Bug introduced in 7.0 and fixed in 10.0.0

When I run this,


I get $\frac{1}{4 \pi^{2}}$

Over on Math Overflow they are saying it shouldn't happen. So, how do I determine if it really converges?

Edit If we could re-order the square-free numbers into sequence by their greatest factors, this product would converge absolutely to $1$. This sum:


would converge absolutely to $0$ with the same re-ordering.

Edit 2

ListPlot[Table[n^MoebiusMu[n], {n, 1, 1000}]]  

MoebiusMu Plot

  • $\begingroup$ I don't know why it converges. But, running Tally[MoebiusMu /@ Range[1, 10^7]] gives {{1, 3040164}, {-1, 3039127}, {0, 3920709}} indicates that the even factors have a slight edge, and would likely not converge unless some interesting cancellation was occurring. I don't know enough about MoebiusMu to know if the interesting cancellation is correct, or not. $\endgroup$
    – rcollyer
    Commented Mar 12, 2013 at 12:55
  • 1
    $\begingroup$ BTW, I love the hamster comment on your user profile. $\endgroup$
    – rcollyer
    Commented Mar 12, 2013 at 12:56
  • $\begingroup$ I see. For any finite range, the even factors include nothing near the top of the range, while the odd factors do. That would cause it to converge. How did you generate your ranges for the terms in the numerator and the denominator, empirically? $\endgroup$
    – rcollyer
    Commented Mar 12, 2013 at 13:15
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    $\begingroup$ David's comment on mathoverflow is absolutely correct, there's no way this product can converge. $\endgroup$ Commented Mar 12, 2013 at 13:21
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    $\begingroup$ The property holds for arbitrary products, whether the terms are negative or not, they can as well be complex numbers. The reduction to sums via logs is a red herring. If $\prod_na_n$ converges to $a$, then the sequence $A_N=\prod_{n<N}a_n$ has limit $a$, and so does its shift, hence $\lim_na_n=\lim_n(A_{n+1}/A_n)=a/a=1$. $\endgroup$ Commented Mar 12, 2013 at 14:33

1 Answer 1


Edit: Returns unevaluated in V10, which is an improvement. Ideally, though, the divergence would be identified.

Orginal response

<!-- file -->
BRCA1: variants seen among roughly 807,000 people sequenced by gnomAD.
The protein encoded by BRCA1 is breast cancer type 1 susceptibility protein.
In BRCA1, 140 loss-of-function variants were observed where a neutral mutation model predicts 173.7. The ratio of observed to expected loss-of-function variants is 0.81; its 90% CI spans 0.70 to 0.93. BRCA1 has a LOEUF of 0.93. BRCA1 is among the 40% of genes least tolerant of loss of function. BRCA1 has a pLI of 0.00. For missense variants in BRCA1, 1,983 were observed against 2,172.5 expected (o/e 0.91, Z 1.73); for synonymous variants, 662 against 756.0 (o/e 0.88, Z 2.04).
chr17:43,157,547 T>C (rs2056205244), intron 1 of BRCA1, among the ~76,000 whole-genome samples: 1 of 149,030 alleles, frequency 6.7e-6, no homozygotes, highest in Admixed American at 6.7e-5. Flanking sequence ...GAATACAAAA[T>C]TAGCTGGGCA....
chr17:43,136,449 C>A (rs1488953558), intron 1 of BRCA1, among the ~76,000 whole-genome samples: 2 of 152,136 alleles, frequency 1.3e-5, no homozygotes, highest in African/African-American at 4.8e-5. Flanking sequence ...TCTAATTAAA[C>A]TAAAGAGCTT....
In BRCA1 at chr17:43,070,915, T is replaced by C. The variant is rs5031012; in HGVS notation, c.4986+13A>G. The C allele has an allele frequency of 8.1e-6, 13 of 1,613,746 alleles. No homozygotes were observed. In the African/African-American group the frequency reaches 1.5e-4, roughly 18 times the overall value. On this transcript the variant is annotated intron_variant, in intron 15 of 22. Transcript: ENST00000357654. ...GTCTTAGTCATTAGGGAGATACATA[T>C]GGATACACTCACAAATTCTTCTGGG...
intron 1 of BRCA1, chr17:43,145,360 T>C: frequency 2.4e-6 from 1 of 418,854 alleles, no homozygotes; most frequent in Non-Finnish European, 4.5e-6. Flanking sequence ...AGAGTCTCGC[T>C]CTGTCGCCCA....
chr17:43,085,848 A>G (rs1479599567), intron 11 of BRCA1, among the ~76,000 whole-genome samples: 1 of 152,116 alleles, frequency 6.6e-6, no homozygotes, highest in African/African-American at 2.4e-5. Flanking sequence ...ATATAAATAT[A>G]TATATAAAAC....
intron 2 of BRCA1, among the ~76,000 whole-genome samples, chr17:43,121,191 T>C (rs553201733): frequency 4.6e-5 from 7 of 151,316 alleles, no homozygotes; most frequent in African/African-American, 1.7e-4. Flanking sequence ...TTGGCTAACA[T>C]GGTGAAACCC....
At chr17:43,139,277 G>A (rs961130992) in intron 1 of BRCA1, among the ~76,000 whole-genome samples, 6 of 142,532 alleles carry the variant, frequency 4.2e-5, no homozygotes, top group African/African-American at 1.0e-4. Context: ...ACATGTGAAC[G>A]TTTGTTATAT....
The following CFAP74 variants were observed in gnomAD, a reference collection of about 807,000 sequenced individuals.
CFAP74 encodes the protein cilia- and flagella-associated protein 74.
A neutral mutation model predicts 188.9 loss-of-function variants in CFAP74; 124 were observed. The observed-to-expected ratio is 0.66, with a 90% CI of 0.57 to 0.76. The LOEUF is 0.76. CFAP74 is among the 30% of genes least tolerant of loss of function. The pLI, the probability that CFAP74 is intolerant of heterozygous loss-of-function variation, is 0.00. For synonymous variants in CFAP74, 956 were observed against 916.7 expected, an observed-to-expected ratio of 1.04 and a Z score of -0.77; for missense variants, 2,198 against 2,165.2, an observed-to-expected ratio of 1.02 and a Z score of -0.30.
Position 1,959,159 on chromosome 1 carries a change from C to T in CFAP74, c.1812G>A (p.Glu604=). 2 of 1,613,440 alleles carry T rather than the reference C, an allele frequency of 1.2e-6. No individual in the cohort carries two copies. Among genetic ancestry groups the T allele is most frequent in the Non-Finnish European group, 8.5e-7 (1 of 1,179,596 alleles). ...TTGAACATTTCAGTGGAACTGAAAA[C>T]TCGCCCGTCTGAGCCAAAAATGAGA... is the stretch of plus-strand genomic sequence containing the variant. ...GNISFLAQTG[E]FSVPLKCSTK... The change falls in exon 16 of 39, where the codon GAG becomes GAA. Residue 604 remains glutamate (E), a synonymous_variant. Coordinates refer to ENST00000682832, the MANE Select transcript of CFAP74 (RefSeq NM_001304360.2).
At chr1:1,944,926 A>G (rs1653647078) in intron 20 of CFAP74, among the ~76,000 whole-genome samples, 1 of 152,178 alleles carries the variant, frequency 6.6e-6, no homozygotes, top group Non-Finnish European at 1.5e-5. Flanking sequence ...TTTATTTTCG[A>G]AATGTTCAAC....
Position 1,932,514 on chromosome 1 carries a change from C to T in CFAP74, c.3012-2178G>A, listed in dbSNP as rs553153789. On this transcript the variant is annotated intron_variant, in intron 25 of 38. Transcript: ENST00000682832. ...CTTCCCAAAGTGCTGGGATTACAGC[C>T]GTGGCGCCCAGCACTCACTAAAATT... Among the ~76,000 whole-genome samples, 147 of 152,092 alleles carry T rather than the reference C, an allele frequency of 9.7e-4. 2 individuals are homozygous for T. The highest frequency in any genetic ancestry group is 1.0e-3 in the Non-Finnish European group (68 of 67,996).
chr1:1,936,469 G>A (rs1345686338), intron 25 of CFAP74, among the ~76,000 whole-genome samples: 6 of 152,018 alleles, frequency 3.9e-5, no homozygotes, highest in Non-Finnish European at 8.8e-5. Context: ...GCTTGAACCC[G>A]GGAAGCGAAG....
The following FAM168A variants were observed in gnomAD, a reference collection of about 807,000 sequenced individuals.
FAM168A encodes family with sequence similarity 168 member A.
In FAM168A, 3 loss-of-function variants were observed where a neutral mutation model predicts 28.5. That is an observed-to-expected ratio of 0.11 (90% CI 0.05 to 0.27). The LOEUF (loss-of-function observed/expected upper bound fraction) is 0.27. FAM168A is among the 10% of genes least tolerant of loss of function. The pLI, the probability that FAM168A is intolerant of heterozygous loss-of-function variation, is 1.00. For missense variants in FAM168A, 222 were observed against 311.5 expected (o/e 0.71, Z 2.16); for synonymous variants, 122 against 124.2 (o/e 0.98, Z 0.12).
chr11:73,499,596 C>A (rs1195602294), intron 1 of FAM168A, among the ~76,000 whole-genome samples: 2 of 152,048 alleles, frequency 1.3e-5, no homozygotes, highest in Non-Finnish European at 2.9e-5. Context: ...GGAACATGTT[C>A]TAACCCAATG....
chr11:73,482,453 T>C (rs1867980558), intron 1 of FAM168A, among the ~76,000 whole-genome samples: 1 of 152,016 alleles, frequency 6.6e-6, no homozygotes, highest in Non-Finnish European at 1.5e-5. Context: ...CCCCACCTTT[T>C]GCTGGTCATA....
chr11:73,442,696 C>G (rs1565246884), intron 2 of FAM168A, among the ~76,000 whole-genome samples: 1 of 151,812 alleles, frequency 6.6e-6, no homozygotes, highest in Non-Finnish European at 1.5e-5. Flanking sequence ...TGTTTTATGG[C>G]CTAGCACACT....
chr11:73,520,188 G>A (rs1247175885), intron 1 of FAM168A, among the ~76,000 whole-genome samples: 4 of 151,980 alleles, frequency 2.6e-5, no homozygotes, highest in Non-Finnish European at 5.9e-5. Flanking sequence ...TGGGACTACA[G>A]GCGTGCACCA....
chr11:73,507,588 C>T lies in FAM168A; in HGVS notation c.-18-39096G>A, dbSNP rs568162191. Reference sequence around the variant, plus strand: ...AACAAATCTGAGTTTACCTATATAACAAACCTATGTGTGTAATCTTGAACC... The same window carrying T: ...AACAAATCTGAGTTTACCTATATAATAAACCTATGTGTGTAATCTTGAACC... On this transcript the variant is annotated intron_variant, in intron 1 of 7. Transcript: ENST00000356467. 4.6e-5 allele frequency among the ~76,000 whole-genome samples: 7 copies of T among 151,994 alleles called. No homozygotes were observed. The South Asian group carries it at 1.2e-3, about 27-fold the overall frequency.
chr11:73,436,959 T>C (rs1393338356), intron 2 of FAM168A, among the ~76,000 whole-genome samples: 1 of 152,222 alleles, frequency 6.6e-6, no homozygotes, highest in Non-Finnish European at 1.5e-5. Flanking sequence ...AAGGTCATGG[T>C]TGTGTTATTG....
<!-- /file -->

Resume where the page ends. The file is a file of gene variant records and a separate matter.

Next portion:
I get this result as well in both V8 and V9.

Product[n^MoebiusMu[n], {n, 1, Infinity}]

(* Out: 1/(4*Pi^2) *)

It's a simple fact, though, that an infinite product can converge to a non-zero value only if the general term tends to 1. As MoebiusMu takes each of the values $\pm 1$ (as well as zero) infinitly often, this product simply can't converge.

We can also relate an infinite product to an infinte sum by applying the logarithm - for this particular product:

$$\log\left(\prod_{n=1}^{\infty} n^{\mu(n)}\right) = \sum_{n=1}^{\infty} \mu(n)\log(n).$$

So, maybe we should examine the following sum sum.

Sum[MoebiusMu[n] Log[n], {n, 1, Infinity}]

(* Out: -2*Log[2*Pi] *)

Well, that didn't help! Perhaps these bugs are related? At least the convergence of infinite sums is a bit more elementary; clearly, $\mu(n)\log(n)$ does not converge to zero. Perhaps, we could try a numerical test:

NSum[MoebiusMu[n] Log[n], {n, 1, Infinity}]

(* Out: -0.387985 *)

Damn. Well, let's at least examine some partial sums.

ListLinePlot[Accumulate[Table[MoebiusMu[n] N@Log[n], {n, 1, 1000}]]]

enter image description here

Well, that certainly doesn't look convergent - because, of course, it isn't.

Maybe @DanielLichtblau could shed some light on this. Most likelly I think, he'll say it's just a bug.

  • $\begingroup$ I just added a plot to the OP. Even count square-frees are on the slope and the odd count square-frees tend to zero along the bottom. $\endgroup$ Commented Mar 12, 2013 at 14:42
  • $\begingroup$ My guess is somehow it gives s regularized result. Or else it is just a bug, I don't know. I'm pretty sure the product result just comes from exponentiating the sum result. $\endgroup$ Commented Mar 12, 2013 at 15:17
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    $\begingroup$ I'm told it's a bug and will be treated as such. $\endgroup$ Commented Mar 12, 2013 at 15:36

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